Philly rocker Dave Hause covers Brandi Carlile on new EP September Haze
The critically-acclaimed rocker shares new tunes, some inspired by his sobriety, on five-song EP
Like many of the people that heard Brandi Carlile’s stellar album By the Way, I Forgive You, Dave Hause instantly fell in love. So much so that the Philly singer-songwriter felt compelled to record a cover of “Hold Out Your Hand.”
The spirited rendition is found on Hause’s new EP September Haze, out Thursday.
“I just couldn’t believe the production, the songwriting, the honesty, and ‘Hold Out Your Hand,’ was like, ‘Oh my god, she made a punk rock song,’” says Hause, the frontman for punk band The Loved Ones who has drawn critical acclaim for his solo albums, including 2017’s Bury Me in Philly. “It’s just one of those reminders that despite everybody labeling things, the categorization of music, they’re just songs. There’s a commonality in that song and what a lot of my peers and I do.”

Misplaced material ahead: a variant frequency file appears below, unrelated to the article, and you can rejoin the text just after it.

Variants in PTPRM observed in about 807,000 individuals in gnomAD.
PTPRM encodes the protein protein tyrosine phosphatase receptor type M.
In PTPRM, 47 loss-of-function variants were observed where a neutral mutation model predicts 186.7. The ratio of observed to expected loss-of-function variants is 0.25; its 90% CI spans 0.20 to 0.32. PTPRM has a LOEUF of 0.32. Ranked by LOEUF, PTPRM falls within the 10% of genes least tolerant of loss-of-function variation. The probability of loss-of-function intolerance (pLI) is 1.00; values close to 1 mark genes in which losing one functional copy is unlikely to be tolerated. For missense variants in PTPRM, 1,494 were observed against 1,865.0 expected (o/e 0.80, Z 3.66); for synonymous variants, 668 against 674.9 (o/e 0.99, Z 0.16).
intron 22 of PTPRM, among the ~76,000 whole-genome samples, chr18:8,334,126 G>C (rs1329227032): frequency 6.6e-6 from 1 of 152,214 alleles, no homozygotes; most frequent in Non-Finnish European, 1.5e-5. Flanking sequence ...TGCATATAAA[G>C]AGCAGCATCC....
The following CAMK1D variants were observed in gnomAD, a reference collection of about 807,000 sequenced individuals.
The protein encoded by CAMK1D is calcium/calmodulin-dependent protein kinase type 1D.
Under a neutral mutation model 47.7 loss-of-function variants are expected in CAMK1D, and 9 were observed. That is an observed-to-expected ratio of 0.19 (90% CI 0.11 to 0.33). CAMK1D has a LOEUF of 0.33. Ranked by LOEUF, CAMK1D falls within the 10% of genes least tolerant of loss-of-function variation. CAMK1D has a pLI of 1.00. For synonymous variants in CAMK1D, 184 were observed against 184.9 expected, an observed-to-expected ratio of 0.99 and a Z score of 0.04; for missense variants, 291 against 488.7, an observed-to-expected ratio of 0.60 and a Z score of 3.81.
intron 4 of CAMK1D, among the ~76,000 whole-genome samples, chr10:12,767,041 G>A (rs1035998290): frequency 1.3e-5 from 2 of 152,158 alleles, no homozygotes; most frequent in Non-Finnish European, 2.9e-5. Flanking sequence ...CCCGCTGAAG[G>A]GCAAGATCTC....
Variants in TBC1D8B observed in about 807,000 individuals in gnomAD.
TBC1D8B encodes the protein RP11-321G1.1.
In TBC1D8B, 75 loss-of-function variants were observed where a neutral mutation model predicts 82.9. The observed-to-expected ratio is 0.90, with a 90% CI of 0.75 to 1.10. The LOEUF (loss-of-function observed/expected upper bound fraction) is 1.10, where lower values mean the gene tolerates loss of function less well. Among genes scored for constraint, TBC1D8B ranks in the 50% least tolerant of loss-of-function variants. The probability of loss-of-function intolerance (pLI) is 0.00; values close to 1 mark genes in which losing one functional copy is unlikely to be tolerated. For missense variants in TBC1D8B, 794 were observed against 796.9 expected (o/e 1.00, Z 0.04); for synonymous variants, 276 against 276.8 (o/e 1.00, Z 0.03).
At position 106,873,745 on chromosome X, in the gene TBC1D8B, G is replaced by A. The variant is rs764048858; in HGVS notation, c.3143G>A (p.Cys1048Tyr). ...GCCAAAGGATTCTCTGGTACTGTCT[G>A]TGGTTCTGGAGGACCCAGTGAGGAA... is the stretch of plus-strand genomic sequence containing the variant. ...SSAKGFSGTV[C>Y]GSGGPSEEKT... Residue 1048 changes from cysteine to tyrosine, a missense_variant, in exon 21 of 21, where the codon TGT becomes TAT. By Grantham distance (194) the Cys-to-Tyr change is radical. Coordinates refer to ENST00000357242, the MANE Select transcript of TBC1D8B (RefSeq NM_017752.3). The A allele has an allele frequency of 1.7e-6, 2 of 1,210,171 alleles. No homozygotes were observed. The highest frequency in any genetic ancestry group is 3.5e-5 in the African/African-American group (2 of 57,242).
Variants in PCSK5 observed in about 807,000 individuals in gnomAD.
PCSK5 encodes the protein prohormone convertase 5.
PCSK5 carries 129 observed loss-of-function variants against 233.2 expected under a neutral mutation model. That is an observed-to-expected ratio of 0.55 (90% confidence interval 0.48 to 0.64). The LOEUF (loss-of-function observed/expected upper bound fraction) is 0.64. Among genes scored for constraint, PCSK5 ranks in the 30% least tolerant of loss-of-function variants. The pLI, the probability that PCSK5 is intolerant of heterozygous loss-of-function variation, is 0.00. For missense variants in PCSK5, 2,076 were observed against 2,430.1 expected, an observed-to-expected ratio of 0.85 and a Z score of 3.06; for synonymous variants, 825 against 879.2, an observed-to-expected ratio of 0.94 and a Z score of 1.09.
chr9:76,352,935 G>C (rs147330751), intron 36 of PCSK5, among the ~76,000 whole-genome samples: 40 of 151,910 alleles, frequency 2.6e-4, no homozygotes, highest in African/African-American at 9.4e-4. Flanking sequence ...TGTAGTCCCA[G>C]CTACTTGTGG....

The cover joins four other tunes on September Haze, a stripped-down take of “Shaky Jesus” from Bury Me in Philly, and three new songs that each, in their own way, have ties to the 40-year-old expectant father’s sobriety. (He marked three years in July.)
“I didn’t really see how these songs exactly went together until just recently,” says Hause of the common threads, including the magical thinking that sometimes accompanies accomplishing a goal, particularly on the song “Steady Now.” “We’ve all done this where you go, ‘Alright, I’m gonna do the difficult thing’ — whatever that might be, stopping drinking, getting up for work earlier, not chasing toxic relationships — and you do it, and then s— still is going wrong, and still feels super unsteady… The thing just needed to be done despite what you hope the outcome is.”
For now the outcome is this EP, which will serve as a stopgap as Hause crafts his fourth solo album, on which he plans to turn his songwriting eye to the current climate. “I’m taking love songs and setting them aside because I really feel like this is the lowest American culture has gotten while I’ve been on the planet,” he says. “And if I don’t sing about it, I feel irresponsible.”